Our rendezvous on the balcony was an everyday affair until she started going out afterschool. One day she had to visit the library, some days later her girlfriend needed her, and then there were the visits to malls to buy something. Those were all excuses I knew. We never sung together again; other boys became her playmates, her games, her songs. She flirted inside the school bus, at the canteen, and inside the class. She no longer sat with me in the bus or in the class. Most of my friends had a story to tell about their conquests of her. Many times I saw senior boys dropping her off at some distance away from my parents’ view. Our duets soon became solos sung in her wait. That we lived under the same roof became the only assurance that she could be mine. That she came knocking at my room to get her homework done became my only hope. That she still needs me.

    Uma always asked me to ask Mom for permission to go out at night.

    ‘So, you two are going together?’

    ‘Yes .’

    ‘Okay. Be sure to be back by ten.’

    We would go out together from the house and a little further down the block Uma would start changing into another outfit inside the car. She painted her lips, got rid of her ponytail, and wore her hair down. She looked like a college girl and she was beautiful.

    ‘I have this girl thing at Lisa’s. You can drop me there.’ She applied mascara on her eyes. ‘And I’m gonna be late tonight.’

    She just assumed that I would hang out with some of my friends, but I preferred to sit in the park, thinking what Uma would be doing, with other boys. I would sit for hours alone and go back home.

    ‘Are you back?’ Mom would shout from her room.


    ‘Uma too?’

    ‘Yes, Uma too,’ I would lie.

    I would then go to Uma’s room and make sure that the window was open. I lay on my bed sleepless until I heard her climb up the latch and through the window in the next room. It was always the same routine.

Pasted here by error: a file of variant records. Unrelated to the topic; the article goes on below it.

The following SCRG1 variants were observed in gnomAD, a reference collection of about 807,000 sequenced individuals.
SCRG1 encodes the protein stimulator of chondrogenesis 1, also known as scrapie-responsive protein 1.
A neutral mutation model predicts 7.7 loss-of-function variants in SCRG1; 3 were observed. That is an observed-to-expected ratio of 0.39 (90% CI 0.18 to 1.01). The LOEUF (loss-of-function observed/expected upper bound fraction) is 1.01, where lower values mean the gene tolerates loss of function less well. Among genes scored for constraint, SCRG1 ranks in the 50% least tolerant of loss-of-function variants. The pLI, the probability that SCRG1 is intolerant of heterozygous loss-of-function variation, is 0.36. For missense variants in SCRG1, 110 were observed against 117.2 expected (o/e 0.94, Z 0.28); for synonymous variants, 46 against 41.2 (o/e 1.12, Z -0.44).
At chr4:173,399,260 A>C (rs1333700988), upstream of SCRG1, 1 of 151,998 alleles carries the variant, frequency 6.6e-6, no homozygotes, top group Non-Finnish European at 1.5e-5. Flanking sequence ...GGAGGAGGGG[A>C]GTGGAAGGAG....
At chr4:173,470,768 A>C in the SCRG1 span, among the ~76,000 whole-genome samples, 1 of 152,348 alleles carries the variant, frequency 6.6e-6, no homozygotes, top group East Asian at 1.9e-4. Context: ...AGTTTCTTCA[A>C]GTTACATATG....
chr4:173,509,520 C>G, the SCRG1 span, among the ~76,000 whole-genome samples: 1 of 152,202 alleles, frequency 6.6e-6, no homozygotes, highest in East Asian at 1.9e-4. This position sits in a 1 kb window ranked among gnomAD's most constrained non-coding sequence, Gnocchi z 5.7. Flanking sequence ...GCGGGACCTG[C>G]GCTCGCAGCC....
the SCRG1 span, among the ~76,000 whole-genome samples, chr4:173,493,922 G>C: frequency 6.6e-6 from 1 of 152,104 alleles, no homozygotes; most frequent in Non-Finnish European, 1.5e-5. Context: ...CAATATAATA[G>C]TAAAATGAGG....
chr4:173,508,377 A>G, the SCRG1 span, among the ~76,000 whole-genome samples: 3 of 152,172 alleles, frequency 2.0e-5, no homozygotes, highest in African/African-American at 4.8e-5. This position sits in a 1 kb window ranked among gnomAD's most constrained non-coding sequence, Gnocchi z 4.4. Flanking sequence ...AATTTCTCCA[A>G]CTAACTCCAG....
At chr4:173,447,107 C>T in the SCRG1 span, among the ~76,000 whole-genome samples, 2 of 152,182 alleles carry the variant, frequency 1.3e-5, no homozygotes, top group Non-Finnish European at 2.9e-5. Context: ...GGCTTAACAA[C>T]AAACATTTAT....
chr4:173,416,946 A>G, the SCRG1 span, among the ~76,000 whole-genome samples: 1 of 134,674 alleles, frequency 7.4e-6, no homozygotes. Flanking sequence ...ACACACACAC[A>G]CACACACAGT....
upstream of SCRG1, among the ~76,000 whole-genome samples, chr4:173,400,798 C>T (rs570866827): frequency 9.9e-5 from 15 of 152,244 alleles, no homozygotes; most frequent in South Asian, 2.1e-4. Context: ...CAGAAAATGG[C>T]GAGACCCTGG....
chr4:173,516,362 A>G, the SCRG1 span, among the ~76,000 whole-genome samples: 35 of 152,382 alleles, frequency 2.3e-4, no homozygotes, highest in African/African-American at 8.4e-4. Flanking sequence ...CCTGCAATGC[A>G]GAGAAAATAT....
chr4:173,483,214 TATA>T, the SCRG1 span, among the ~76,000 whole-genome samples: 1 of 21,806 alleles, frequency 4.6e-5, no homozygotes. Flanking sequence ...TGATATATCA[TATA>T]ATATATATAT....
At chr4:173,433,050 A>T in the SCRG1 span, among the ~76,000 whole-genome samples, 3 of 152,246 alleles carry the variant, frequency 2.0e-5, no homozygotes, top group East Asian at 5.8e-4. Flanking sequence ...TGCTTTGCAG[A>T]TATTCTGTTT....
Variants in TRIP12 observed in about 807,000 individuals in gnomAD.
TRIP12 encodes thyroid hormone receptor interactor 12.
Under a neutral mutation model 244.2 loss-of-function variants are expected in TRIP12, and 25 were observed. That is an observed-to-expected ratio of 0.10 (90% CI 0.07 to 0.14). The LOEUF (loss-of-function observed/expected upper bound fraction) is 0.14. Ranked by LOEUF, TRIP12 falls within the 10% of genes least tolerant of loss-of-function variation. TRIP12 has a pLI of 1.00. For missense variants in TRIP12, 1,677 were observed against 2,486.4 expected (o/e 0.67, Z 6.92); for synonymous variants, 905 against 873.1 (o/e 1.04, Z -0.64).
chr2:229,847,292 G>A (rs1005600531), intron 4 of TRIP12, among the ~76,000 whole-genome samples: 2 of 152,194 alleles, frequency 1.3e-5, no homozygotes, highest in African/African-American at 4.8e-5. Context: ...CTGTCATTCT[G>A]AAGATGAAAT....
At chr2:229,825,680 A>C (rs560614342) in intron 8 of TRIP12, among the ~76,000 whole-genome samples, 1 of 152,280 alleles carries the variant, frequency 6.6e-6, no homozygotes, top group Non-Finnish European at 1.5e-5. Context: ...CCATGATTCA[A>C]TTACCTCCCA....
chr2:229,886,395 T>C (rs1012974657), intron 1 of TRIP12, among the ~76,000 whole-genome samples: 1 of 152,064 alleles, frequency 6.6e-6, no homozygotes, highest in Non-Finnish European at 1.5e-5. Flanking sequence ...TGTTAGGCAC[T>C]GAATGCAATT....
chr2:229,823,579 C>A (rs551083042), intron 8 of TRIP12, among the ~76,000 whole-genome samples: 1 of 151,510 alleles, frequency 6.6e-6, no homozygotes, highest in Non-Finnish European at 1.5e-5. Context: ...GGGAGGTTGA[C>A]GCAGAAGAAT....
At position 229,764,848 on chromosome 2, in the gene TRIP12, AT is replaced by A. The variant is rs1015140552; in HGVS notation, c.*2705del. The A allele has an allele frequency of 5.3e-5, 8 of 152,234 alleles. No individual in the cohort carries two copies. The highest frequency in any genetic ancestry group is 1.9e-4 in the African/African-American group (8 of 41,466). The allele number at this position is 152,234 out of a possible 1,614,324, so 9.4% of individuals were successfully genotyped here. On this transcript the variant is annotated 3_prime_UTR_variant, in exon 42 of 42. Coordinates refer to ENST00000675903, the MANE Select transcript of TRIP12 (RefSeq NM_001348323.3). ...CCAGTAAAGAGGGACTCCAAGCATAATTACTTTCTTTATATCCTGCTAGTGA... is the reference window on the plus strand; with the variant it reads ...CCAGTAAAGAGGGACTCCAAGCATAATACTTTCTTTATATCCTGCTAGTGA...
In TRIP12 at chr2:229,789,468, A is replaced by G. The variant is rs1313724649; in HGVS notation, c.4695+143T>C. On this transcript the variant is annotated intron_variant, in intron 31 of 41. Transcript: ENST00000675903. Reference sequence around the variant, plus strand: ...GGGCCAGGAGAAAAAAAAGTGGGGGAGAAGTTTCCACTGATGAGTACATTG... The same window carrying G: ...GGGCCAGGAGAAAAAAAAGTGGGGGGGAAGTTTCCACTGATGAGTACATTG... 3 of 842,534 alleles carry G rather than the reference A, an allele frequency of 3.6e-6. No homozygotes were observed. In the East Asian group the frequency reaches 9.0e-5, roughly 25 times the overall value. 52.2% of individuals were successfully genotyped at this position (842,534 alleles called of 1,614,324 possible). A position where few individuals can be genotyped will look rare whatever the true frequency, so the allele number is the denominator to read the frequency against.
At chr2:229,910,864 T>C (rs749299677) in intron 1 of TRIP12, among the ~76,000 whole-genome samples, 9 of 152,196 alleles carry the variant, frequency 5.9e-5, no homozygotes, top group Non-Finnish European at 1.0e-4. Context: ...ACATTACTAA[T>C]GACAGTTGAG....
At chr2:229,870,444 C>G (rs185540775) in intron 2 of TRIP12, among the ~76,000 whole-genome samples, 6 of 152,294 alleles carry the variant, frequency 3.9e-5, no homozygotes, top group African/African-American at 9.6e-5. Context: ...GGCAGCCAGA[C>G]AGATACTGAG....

One night she climbed up to my window instead and knocked. She gestured at me to come out. We sat leaning our backs on the garage door, her head resting on my shoulder. She smelt of alcohol and perfume, a bitter-sweet concoction of a lost little girl. She told me about the wild night she had had, and the boys she met at the party. Anger built inside me and I tried to get up freeing my arms from her hands. ‘Freeze!’ she said and kissed me.

    Mom got a call from the school. I was also there in the principal’s office. Mom and Uma sat opposite a visibly furious Mr. D’Souza.

    ‘Uma, do you have anything to say?’


    ‘So, do you admit these illegal drugs are yours?’

    Uma nodded matter-of-factly.

    ‘Yes or No?’


    ‘In that case we have to expel you from the school.’

    ‘Please Mr. D’Souza, please reconsider. She will never do this again.’ Mom was in tears.

    ‘I am sorry, but we can’t go against the rule. We can’t tolerate such a blatant indiscipline in my school. You have to understand.’

    We drove home silently. Mom’s face was red with shame, rage and frustration. Uma looked out of the window unconcern. I resisted the urge to hold her hands as we sat at the opposite ends of the backseat. It took forever to reach home. Inside the house Mom poured herself a glass of water and made Uma sit on the couch.

    ‘What have I done to deserve this, huh? Why?’ Mom asked in exasperation.